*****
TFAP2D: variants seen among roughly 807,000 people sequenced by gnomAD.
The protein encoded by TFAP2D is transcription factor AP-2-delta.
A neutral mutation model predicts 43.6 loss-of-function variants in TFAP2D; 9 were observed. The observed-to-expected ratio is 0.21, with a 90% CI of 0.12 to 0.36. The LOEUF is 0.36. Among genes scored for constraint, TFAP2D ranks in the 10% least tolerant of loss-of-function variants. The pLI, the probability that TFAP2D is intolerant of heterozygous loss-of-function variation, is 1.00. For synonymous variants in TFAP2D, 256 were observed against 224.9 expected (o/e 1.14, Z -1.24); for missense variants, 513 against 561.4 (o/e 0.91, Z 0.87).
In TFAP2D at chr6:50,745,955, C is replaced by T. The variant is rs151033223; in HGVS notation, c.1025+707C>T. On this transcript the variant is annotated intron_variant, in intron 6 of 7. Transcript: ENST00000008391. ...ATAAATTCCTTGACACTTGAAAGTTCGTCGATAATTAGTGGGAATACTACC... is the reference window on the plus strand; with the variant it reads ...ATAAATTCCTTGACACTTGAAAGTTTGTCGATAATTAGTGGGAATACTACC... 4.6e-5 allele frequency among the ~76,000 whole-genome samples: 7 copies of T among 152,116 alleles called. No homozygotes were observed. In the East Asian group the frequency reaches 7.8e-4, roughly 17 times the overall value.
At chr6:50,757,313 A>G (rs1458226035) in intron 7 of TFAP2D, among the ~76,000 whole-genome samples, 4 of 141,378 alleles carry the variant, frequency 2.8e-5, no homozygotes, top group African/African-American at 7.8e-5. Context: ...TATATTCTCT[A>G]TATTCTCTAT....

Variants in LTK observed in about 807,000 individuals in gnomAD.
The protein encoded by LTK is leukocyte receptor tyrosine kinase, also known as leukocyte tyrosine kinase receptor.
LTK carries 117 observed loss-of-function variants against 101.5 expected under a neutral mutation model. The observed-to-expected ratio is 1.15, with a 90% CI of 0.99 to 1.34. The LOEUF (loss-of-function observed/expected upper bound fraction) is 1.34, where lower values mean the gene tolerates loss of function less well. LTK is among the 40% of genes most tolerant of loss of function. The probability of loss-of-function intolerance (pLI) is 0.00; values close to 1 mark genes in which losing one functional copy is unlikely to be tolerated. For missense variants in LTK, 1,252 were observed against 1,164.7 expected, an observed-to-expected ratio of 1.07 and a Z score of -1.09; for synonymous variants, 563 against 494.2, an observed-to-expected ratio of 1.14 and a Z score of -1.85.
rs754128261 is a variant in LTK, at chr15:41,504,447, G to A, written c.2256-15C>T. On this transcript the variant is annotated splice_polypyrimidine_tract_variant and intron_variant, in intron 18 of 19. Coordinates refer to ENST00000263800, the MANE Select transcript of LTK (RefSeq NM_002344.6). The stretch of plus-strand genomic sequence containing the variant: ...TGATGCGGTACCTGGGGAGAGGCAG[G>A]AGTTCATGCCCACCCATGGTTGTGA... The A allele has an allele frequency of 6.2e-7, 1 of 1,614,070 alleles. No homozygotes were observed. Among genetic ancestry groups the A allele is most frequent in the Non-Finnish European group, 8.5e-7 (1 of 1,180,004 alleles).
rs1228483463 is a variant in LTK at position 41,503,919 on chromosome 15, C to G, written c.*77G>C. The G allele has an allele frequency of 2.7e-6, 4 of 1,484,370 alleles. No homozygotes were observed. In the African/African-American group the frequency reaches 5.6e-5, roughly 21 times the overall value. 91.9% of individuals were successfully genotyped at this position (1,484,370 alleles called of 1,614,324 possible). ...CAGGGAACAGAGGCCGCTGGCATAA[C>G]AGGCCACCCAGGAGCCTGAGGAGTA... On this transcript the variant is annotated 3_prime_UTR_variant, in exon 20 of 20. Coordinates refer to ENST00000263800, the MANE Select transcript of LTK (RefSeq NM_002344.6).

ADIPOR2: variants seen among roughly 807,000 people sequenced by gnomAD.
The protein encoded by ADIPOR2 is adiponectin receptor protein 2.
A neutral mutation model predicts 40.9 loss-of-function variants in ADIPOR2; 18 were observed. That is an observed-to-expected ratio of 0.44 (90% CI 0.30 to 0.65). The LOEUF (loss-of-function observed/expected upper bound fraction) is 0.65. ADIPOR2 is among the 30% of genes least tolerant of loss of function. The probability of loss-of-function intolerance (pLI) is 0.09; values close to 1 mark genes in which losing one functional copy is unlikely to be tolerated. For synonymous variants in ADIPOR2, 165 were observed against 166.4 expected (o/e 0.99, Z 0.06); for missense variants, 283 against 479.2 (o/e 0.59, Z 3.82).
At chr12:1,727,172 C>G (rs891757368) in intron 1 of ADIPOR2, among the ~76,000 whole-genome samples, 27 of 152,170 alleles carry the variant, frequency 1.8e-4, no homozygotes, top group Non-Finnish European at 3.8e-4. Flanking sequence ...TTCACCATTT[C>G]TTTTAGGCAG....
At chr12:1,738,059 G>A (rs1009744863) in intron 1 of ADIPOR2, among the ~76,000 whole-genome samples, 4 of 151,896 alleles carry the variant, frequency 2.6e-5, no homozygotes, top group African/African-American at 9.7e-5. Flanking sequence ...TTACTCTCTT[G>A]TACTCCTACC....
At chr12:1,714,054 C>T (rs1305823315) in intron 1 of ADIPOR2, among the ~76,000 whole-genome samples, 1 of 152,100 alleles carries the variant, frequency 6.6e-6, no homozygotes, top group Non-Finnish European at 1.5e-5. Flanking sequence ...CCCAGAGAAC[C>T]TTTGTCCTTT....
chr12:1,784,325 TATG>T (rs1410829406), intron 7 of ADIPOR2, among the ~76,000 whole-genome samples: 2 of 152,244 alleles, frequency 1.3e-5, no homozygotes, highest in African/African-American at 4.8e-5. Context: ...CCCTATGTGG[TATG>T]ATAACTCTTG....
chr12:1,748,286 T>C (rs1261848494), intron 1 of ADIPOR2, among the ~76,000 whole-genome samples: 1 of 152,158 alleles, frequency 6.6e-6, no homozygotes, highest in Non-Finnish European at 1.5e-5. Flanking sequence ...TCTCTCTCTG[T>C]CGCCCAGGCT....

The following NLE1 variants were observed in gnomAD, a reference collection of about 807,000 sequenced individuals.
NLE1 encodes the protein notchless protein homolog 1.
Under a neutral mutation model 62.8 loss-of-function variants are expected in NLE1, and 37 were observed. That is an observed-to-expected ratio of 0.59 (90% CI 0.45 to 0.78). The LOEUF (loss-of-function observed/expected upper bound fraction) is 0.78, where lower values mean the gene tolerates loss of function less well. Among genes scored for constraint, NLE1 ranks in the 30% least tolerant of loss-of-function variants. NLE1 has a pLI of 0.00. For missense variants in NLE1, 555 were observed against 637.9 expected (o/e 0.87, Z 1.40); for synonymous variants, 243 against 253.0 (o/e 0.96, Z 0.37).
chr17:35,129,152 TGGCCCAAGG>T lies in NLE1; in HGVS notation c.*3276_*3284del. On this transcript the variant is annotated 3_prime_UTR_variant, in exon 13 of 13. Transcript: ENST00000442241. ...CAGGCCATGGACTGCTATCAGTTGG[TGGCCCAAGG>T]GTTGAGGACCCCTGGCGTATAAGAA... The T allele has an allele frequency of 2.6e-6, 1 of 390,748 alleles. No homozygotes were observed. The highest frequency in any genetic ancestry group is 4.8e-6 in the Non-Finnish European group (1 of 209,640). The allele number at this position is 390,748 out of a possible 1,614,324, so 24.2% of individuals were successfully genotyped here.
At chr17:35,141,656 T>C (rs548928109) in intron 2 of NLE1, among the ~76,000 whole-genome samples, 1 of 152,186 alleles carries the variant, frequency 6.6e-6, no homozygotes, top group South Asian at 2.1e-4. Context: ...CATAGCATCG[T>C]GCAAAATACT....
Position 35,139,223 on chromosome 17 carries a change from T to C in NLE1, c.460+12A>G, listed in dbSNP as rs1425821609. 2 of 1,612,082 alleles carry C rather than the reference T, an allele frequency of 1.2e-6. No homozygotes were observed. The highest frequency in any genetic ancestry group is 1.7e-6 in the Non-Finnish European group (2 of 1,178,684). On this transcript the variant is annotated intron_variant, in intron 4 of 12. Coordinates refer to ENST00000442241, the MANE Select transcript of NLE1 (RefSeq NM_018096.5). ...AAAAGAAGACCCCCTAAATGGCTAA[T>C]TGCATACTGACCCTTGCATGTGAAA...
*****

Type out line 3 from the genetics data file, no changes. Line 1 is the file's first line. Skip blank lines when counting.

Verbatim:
A neutral mutation model predicts 43.6 loss-of-function variants in TFAP2D; 9 were observed. The observed-to-expected ratio is 0.21, with a 90% CI of 0.12 to 0.36. The LOEUF is 0.36. Among genes scored for constraint, TFAP2D ranks in the 10% least tolerant of loss-of-function variants. The pLI, the probability that TFAP2D is intolerant of heterozygous loss-of-function variation, is 1.00. For synonymous variants in TFAP2D, 256 were observed against 224.9 expected (o/e 1.14, Z -1.24); for missense variants, 513 against 561.4 (o/e 0.91, Z 0.87).